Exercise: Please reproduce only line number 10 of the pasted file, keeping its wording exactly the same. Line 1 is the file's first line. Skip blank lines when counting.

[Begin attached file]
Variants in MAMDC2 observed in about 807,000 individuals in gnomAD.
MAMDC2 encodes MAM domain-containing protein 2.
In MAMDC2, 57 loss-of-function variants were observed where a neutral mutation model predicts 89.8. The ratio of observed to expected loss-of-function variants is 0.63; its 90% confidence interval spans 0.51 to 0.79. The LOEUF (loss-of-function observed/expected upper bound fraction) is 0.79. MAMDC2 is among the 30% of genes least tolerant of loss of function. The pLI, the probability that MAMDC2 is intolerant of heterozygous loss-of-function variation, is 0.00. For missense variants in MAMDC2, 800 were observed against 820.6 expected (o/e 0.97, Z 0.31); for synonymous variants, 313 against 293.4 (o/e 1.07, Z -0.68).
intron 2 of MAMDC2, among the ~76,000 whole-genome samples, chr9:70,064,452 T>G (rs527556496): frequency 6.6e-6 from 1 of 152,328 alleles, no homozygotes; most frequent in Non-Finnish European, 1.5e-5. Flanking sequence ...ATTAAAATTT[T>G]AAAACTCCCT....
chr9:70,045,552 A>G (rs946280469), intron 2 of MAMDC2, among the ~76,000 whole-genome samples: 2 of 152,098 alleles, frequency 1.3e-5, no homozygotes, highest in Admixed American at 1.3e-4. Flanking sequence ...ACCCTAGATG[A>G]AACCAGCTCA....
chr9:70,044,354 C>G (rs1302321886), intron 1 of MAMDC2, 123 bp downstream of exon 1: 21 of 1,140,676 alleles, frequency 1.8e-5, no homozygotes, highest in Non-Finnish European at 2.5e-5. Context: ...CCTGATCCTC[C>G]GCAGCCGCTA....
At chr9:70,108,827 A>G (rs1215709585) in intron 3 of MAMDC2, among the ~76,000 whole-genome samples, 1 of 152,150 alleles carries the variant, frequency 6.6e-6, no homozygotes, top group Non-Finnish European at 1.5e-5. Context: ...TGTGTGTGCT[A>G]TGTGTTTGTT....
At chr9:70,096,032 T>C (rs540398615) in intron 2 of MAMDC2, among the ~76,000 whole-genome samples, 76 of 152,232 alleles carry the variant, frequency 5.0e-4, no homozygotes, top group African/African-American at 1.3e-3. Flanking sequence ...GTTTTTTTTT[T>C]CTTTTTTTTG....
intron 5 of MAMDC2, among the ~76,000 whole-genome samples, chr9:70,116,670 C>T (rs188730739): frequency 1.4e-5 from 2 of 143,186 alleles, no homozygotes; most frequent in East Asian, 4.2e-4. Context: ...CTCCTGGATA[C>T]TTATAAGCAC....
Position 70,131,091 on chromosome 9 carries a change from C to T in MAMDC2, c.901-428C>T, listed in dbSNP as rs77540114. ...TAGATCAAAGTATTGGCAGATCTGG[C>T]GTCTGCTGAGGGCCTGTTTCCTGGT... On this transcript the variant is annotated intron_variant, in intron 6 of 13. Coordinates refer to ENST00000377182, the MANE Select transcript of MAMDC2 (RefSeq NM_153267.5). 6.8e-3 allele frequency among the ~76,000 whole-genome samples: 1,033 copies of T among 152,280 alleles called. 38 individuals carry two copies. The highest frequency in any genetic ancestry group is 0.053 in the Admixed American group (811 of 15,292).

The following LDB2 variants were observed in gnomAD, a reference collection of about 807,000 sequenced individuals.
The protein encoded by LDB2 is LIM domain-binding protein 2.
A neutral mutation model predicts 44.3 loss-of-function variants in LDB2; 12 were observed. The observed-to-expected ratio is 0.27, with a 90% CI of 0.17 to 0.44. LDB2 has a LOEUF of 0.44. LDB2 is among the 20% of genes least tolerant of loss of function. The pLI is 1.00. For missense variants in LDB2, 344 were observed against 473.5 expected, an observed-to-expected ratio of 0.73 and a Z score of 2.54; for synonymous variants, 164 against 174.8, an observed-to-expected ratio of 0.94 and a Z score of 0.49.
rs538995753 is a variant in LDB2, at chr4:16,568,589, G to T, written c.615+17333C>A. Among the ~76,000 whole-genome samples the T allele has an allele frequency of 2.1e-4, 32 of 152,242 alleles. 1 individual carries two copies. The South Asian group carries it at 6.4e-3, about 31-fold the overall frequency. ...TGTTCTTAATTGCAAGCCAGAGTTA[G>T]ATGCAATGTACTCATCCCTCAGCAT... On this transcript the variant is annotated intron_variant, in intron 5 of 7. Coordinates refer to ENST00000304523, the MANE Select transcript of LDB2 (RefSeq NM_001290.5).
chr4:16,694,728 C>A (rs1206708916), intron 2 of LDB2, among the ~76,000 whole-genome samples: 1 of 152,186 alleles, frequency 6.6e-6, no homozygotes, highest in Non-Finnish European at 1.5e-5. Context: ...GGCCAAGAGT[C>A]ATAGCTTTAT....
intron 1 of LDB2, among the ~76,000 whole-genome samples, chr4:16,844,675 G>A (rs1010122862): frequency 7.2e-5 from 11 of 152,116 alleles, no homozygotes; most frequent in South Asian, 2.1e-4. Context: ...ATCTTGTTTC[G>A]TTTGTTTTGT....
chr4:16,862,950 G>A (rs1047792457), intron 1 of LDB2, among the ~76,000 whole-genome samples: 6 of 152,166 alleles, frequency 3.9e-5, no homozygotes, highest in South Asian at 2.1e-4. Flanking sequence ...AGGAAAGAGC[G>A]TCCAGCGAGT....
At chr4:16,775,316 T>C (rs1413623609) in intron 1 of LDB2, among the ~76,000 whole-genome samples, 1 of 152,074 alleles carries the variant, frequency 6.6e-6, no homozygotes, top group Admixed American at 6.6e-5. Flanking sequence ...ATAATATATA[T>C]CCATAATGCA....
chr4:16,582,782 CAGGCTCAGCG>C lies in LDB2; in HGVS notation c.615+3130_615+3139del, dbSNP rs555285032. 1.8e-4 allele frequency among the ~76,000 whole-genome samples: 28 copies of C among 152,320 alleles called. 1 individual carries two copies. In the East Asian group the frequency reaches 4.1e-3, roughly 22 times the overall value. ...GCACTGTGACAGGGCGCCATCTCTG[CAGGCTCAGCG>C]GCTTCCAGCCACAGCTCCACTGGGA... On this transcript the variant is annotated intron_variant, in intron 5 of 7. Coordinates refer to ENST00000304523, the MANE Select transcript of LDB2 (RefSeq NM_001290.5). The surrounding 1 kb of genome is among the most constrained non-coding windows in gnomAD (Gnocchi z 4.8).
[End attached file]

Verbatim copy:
Position 70,131,091 on chromosome 9 carries a change from C to T in MAMDC2, c.901-428C>T, listed in dbSNP as rs77540114. ...TAGATCAAAGTATTGGCAGATCTGG[C>T]GTCTGCTGAGGGCCTGTTTCCTGGT... On this transcript the variant is annotated intron_variant, in intron 6 of 13. Coordinates refer to ENST00000377182, the MANE Select transcript of MAMDC2 (RefSeq NM_153267.5). 6.8e-3 allele frequency among the ~76,000 whole-genome samples: 1,033 copies of T among 152,280 alleles called. 38 individuals carry two copies. The highest frequency in any genetic ancestry group is 0.053 in the Admixed American group (811 of 15,292).